Girls are increasingly over-represented in the juvenile justice system; particularly girls living in poverty and young women of color, according to the Office of Juvenile Justice and Delinquency Prevention (OJJDP) in their recently released policy guidance: "Girls and the Juvenile Justice System." The significant increase of justice-involved girls over the past two decades was also demonstrated in September by Francine T. Sherman and Annie Balck in their "Gender Injustice" report; girls now account for almost 30 percent of youth arrests. OJJDP's new policy guidance calls for the identification and recognition of known risk factors - which lead girls to the justice system - and the implementation of developmentally informed approaches in order to reduce and divert the involvement of girls in the system. OJJDP's policy guidance aligns with the White House Council on Women and Girls' intention to advance equity for women and girls of color.

Identifying Risk Factors  

OJJDP's policy guidance identifies a number of risk factors which lead to involvement of girls in the juvenile justice system, also referred to as the sexual abuse/trauma-to-prison pipeline

President Obama Announces New Actions to Promote Rehabilitation and Reintegration for the Formerly- Incarcerated; News Roundup

Every week Reclaiming Futures rounds up the latest news on juvenile justice reform, adolescent substance use treatment, and teen mental health. 

FACT SHEET: President Obama Announces New Actions to Promote Rehabilitation and Reintegration for the Formerly- Incarcerated (The White House)
On Monday President Obama announced steps the Administration will take to create "meaningful criminal justice reform," including reforming the reentry process of formerly-incarcerated individuals. Among the measures announced was the "Juvenile Reentry Assistance Program Awards to Support Public Housing Residents," a program to make fresh starts possible for youth with expungeable convictions. In an effort to promote second chances for youth, the Obama Administration will no longer use the term "juvenile delinquent,' and will now exclusively use the term  "justice-involved youth."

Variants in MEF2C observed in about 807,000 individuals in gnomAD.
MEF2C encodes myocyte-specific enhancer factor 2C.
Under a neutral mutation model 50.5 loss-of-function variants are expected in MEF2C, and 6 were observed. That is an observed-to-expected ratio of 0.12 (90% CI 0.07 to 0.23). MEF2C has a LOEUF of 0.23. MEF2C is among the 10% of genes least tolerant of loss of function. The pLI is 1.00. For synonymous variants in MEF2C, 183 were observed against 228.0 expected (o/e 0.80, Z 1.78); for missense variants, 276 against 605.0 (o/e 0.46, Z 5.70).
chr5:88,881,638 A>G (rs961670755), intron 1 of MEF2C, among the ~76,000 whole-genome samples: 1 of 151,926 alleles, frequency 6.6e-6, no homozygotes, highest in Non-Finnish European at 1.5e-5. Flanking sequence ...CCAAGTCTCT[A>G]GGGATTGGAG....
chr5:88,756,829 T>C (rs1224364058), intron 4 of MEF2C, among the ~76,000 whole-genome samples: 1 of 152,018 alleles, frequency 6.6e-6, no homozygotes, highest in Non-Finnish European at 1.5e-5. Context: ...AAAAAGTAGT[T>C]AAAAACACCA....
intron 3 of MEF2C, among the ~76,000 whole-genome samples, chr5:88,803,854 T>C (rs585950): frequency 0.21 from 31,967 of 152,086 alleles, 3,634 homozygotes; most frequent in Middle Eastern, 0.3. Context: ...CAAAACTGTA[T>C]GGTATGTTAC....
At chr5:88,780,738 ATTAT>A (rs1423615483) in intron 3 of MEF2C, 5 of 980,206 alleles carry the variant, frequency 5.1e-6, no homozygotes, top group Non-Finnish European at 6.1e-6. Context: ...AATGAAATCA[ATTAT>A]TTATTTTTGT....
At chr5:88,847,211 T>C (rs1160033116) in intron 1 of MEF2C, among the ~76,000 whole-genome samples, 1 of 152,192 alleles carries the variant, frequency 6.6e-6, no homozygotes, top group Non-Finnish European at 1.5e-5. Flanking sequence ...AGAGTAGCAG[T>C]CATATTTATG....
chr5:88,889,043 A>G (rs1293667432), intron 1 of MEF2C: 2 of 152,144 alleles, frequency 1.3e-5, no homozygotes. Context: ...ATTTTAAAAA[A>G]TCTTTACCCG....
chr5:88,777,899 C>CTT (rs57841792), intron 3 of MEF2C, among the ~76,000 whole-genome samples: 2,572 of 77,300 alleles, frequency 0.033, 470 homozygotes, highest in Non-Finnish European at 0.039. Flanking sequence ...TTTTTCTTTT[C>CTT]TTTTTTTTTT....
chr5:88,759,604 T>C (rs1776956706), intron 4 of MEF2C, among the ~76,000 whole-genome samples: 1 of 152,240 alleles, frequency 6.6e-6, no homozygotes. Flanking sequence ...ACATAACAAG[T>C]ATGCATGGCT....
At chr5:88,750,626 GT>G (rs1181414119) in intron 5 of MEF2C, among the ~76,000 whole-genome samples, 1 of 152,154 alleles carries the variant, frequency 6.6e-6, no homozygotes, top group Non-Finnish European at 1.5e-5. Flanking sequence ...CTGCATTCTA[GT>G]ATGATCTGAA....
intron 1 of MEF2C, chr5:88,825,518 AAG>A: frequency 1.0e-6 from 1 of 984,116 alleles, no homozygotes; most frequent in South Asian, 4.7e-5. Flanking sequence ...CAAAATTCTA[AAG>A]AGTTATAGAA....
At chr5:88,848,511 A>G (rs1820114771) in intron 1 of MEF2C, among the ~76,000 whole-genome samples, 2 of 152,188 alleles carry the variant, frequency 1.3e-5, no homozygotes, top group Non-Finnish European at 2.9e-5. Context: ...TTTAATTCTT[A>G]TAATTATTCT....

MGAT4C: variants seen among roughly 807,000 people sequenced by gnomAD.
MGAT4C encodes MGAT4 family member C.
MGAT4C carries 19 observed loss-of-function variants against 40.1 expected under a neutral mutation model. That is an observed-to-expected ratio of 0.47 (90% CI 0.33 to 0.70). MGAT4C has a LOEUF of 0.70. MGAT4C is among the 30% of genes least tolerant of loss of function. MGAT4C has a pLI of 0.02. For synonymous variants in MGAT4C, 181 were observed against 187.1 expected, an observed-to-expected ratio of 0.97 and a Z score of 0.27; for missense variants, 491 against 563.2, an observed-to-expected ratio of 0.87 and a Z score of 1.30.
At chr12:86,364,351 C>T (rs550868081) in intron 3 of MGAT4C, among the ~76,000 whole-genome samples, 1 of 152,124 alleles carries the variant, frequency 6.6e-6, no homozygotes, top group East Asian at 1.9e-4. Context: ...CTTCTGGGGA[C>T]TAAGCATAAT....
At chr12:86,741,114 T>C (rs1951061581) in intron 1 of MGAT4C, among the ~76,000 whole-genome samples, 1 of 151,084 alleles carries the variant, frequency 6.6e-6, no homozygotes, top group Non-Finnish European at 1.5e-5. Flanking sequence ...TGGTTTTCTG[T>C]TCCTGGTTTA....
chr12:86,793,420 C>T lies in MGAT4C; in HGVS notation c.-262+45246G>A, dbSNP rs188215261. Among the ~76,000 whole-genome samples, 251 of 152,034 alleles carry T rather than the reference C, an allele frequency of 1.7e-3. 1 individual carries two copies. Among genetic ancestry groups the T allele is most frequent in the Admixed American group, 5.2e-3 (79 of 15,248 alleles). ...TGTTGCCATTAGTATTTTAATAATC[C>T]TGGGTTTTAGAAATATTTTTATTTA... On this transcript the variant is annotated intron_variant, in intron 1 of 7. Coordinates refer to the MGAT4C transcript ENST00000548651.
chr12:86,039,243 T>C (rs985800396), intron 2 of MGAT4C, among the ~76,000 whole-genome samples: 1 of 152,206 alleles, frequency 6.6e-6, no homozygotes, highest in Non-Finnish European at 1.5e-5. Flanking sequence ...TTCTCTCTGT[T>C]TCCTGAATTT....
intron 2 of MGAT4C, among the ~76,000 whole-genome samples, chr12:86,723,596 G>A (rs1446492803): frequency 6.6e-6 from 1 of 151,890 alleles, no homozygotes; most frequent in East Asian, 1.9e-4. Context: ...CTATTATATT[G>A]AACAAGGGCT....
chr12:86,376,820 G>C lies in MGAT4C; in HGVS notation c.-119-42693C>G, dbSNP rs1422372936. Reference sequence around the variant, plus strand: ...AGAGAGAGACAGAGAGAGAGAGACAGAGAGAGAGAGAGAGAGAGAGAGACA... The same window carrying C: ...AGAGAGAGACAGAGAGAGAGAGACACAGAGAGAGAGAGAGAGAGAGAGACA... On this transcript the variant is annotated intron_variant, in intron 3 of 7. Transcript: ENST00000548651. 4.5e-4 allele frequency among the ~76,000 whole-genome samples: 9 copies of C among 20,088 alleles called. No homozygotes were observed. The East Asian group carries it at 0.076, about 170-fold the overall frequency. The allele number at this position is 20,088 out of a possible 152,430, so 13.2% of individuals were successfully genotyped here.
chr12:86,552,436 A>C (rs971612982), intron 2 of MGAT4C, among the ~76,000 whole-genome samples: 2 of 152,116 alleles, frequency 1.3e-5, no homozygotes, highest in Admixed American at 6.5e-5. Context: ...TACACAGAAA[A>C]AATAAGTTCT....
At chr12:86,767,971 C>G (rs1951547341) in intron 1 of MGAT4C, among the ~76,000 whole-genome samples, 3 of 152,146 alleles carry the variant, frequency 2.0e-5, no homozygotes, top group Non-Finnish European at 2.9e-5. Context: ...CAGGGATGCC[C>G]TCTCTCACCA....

Senate Judiciary Approves Criminal Justice Bill with Juvenile Provisions; News Roundup

Every week Reclaiming Futures rounds up the latest news on juvenile justice reform, adolescent substance use treatment, and teen mental health. 

Senate Judiciary Approves Criminal Justice Bill with Juvenile Provisions (Juvenile Justice Information Exchange)
Yesterday the Sentencing Reform and Corrections Act of 2015 cleared the Senate Judiciary Committee. The bill would reform policies for youth in prison, as well as help with the process of re-entry into the community.

Racial Justice, LGBTQ Advocates Should Partner on School Issues; News Roundup

Every week Reclaiming Futures rounds up the latest news on juvenile justice reform, adolescent substance use treatment, and teen mental health. 

Report: Racial Justice, LGBTQ Advocates Should Partner on School Issues (Juvenile Justice Information Exchange)
National advocacy organizations released a report this past week demonstrating the need for advocates of youth of color and advocates of LGBTQ youth to form stronger relationships in order to more effectively address disparities in school discipline, and to work toward dismantling the school-to-prison pipeline.